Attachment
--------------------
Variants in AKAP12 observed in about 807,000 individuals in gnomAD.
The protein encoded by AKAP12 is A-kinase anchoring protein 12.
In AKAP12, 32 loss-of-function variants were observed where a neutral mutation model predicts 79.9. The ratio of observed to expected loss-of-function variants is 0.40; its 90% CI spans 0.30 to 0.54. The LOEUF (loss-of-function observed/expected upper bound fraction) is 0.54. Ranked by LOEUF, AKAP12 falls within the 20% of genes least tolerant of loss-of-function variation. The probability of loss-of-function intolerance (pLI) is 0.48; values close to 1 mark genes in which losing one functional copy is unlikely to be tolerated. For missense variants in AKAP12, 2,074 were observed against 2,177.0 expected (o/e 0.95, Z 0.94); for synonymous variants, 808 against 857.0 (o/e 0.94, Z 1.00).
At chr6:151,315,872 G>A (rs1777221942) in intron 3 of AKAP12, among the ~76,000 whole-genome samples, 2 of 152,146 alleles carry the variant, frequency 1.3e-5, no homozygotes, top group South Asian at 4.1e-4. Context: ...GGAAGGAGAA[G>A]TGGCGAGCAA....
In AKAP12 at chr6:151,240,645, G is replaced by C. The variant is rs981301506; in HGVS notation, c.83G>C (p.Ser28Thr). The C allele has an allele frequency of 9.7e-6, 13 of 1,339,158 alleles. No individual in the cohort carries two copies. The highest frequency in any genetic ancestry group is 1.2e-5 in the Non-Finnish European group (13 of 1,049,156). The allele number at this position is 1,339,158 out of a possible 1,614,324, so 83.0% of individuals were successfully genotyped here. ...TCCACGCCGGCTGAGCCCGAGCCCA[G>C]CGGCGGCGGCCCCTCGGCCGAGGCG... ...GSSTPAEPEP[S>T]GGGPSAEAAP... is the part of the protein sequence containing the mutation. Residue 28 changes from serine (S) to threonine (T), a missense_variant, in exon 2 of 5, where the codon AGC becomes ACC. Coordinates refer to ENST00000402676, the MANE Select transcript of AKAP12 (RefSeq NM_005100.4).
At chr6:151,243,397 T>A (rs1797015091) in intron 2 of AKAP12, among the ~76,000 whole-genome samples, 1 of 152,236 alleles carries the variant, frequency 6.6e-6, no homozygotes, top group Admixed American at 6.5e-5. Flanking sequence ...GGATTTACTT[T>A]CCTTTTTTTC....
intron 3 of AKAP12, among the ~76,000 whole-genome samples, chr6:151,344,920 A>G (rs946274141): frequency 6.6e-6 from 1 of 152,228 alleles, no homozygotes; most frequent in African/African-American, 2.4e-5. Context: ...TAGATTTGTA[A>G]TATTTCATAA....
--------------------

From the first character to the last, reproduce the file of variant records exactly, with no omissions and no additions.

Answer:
Variants in AKAP12 observed in about 807,000 individuals in gnomAD.
The protein encoded by AKAP12 is A-kinase anchoring protein 12.
In AKAP12, 32 loss-of-function variants were observed where a neutral mutation model predicts 79.9. The ratio of observed to expected loss-of-function variants is 0.40; its 90% CI spans 0.30 to 0.54. The LOEUF (loss-of-function observed/expected upper bound fraction) is 0.54. Ranked by LOEUF, AKAP12 falls within the 20% of genes least tolerant of loss-of-function variation. The probability of loss-of-function intolerance (pLI) is 0.48; values close to 1 mark genes in which losing one functional copy is unlikely to be tolerated. For missense variants in AKAP12, 2,074 were observed against 2,177.0 expected (o/e 0.95, Z 0.94); for synonymous variants, 808 against 857.0 (o/e 0.94, Z 1.00).
At chr6:151,315,872 G>A (rs1777221942) in intron 3 of AKAP12, among the ~76,000 whole-genome samples, 2 of 152,146 alleles carry the variant, frequency 1.3e-5, no homozygotes, top group South Asian at 4.1e-4. Context: ...GGAAGGAGAA[G>A]TGGCGAGCAA....
In AKAP12 at chr6:151,240,645, G is replaced by C. The variant is rs981301506; in HGVS notation, c.83G>C (p.Ser28Thr). The C allele has an allele frequency of 9.7e-6, 13 of 1,339,158 alleles. No individual in the cohort carries two copies. The highest frequency in any genetic ancestry group is 1.2e-5 in the Non-Finnish European group (13 of 1,049,156). The allele number at this position is 1,339,158 out of a possible 1,614,324, so 83.0% of individuals were successfully genotyped here. ...TCCACGCCGGCTGAGCCCGAGCCCA[G>C]CGGCGGCGGCCCCTCGGCCGAGGCG... ...GSSTPAEPEP[S>T]GGGPSAEAAP... is the part of the protein sequence containing the mutation. Residue 28 changes from serine (S) to threonine (T), a missense_variant, in exon 2 of 5, where the codon AGC becomes ACC. Coordinates refer to ENST00000402676, the MANE Select transcript of AKAP12 (RefSeq NM_005100.4).
At chr6:151,243,397 T>A (rs1797015091) in intron 2 of AKAP12, among the ~76,000 whole-genome samples, 1 of 152,236 alleles carries the variant, frequency 6.6e-6, no homozygotes, top group Admixed American at 6.5e-5. Flanking sequence ...GGATTTACTT[T>A]CCTTTTTTTC....
intron 3 of AKAP12, among the ~76,000 whole-genome samples, chr6:151,344,920 A>G (rs946274141): frequency 6.6e-6 from 1 of 152,228 alleles, no homozygotes; most frequent in African/African-American, 2.4e-5. Context: ...TAGATTTGTA[A>G]TATTTCATAA....